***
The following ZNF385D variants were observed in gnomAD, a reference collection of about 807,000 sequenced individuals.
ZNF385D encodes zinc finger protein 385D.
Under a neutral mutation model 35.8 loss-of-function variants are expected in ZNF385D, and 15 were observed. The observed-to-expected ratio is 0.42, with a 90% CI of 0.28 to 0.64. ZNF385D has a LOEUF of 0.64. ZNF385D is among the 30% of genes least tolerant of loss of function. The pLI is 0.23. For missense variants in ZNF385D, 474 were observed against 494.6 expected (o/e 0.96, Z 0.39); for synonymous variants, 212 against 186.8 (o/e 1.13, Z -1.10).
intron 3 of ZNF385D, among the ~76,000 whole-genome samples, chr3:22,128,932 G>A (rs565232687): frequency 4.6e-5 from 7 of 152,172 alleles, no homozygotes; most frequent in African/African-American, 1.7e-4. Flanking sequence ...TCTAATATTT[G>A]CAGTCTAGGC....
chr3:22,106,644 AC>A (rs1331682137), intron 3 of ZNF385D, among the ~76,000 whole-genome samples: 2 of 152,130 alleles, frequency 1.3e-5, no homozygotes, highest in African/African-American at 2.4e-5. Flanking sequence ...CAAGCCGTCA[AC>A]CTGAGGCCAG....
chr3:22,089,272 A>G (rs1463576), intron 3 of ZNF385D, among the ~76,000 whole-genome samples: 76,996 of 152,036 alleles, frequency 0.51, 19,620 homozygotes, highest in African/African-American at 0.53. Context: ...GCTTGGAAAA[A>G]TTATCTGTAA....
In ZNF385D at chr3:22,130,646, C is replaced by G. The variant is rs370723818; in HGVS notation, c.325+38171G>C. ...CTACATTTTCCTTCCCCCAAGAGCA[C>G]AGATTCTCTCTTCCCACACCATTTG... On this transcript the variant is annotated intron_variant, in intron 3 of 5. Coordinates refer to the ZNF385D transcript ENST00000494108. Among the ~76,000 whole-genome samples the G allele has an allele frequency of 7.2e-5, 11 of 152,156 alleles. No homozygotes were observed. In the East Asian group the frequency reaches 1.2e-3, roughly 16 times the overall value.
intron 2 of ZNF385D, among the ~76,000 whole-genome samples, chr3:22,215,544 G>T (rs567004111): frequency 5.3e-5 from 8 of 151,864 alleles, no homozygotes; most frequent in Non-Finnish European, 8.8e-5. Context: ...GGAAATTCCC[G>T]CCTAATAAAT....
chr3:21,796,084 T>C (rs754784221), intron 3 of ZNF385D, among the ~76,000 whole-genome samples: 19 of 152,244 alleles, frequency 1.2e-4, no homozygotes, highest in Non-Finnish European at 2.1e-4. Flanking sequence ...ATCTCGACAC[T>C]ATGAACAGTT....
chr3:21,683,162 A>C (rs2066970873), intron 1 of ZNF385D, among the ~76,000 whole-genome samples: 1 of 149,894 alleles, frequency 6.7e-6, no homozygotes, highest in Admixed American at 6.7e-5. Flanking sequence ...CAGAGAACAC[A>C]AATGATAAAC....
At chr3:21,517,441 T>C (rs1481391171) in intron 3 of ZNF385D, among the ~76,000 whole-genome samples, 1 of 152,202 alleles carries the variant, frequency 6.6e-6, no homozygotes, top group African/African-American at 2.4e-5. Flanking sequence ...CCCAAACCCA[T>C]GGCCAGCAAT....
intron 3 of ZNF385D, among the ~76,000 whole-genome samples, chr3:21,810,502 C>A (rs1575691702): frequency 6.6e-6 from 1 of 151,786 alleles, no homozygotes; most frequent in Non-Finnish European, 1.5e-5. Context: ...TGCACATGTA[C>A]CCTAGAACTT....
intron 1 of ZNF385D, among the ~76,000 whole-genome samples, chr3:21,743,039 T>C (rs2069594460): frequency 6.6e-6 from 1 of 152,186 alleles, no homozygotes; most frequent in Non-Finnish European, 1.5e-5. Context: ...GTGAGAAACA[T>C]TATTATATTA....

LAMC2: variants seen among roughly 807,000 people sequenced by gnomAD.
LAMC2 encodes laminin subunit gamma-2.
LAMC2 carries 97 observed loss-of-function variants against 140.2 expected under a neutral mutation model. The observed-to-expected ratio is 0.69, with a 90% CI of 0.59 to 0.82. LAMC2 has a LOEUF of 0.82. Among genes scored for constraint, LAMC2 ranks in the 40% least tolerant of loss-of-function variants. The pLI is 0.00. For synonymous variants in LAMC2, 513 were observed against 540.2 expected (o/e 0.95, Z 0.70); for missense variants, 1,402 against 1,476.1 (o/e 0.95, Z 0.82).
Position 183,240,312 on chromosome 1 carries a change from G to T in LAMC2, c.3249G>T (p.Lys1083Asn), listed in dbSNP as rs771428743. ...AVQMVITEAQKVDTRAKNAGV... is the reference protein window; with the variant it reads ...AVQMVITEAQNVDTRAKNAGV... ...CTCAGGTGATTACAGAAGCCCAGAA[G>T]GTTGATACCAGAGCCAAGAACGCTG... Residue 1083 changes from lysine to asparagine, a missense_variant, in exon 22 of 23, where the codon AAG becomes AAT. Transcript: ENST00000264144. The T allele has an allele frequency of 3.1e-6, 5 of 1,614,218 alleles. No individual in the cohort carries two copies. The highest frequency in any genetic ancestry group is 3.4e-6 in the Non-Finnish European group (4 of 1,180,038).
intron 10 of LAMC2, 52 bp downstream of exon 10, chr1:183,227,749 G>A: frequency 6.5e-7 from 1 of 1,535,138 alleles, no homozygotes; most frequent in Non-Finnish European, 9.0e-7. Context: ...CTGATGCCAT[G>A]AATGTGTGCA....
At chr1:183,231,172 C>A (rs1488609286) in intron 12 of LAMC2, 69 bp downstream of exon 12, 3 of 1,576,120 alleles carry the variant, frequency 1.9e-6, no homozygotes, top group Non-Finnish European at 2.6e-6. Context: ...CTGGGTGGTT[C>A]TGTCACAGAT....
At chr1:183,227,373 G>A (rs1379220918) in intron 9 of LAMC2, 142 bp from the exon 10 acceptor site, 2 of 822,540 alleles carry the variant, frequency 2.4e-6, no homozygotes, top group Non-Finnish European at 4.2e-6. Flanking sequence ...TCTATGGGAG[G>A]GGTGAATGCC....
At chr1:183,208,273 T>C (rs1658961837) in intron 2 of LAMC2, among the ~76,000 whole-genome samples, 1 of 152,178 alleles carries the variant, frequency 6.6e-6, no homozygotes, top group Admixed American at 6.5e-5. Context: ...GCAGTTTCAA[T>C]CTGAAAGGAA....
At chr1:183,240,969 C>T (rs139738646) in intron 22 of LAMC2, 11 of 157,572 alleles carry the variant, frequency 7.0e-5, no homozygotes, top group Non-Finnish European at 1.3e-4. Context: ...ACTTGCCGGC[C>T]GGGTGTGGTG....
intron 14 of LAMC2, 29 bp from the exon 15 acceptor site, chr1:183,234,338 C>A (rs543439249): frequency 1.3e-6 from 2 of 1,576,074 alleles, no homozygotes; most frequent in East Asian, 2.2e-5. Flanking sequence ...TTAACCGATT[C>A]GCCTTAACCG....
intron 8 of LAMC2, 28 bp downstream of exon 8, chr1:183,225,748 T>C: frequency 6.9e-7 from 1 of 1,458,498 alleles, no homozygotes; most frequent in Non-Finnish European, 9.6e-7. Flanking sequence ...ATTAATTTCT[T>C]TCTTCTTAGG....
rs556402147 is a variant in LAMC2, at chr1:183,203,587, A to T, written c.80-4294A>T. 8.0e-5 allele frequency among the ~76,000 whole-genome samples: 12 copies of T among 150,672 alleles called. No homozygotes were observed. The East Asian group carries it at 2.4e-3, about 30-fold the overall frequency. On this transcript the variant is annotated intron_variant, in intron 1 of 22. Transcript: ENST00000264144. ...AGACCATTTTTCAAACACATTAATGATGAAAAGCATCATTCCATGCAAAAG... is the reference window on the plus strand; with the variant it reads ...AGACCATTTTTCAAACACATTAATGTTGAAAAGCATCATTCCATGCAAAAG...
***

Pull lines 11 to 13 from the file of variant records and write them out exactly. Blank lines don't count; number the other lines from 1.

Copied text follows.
At chr3:21,517,441 T>C (rs1481391171) in intron 3 of ZNF385D, among the ~76,000 whole-genome samples, 1 of 152,202 alleles carries the variant, frequency 6.6e-6, no homozygotes, top group African/African-American at 2.4e-5. Flanking sequence ...CCCAAACCCA[T>C]GGCCAGCAAT....
intron 3 of ZNF385D, among the ~76,000 whole-genome samples, chr3:21,810,502 C>A (rs1575691702): frequency 6.6e-6 from 1 of 151,786 alleles, no homozygotes; most frequent in Non-Finnish European, 1.5e-5. Context: ...TGCACATGTA[C>A]CCTAGAACTT....
intron 1 of ZNF385D, among the ~76,000 whole-genome samples, chr3:21,743,039 T>C (rs2069594460): frequency 6.6e-6 from 1 of 152,186 alleles, no homozygotes; most frequent in Non-Finnish European, 1.5e-5. Context: ...GTGAGAAACA[T>C]TATTATATTA....